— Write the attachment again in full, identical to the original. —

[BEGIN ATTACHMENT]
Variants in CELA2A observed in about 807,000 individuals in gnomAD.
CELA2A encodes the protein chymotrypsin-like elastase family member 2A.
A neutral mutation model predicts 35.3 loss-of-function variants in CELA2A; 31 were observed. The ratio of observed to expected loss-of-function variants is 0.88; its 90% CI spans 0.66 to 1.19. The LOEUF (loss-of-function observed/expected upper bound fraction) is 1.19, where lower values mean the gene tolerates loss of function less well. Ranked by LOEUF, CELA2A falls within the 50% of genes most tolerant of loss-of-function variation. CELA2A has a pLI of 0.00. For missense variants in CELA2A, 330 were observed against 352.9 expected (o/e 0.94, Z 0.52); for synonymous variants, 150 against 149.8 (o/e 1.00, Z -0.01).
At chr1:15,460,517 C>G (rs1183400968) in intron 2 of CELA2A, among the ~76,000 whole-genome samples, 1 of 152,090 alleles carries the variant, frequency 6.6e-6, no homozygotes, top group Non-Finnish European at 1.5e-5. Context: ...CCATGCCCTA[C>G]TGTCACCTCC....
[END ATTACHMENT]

Variants in CELA2A observed in about 807,000 individuals in gnomAD.
CELA2A encodes the protein chymotrypsin-like elastase family member 2A.
A neutral mutation model predicts 35.3 loss-of-function variants in CELA2A; 31 were observed. The ratio of observed to expected loss-of-function variants is 0.88; its 90% CI spans 0.66 to 1.19. The LOEUF (loss-of-function observed/expected upper bound fraction) is 1.19, where lower values mean the gene tolerates loss of function less well. Ranked by LOEUF, CELA2A falls within the 50% of genes most tolerant of loss-of-function variation. CELA2A has a pLI of 0.00. For missense variants in CELA2A, 330 were observed against 352.9 expected (o/e 0.94, Z 0.52); for synonymous variants, 150 against 149.8 (o/e 1.00, Z -0.01).
At chr1:15,460,517 C>G (rs1183400968) in intron 2 of CELA2A, among the ~76,000 whole-genome samples, 1 of 152,090 alleles carries the variant, frequency 6.6e-6, no homozygotes, top group Non-Finnish European at 1.5e-5. Context: ...CCATGCCCTA[C>G]TGTCACCTCC....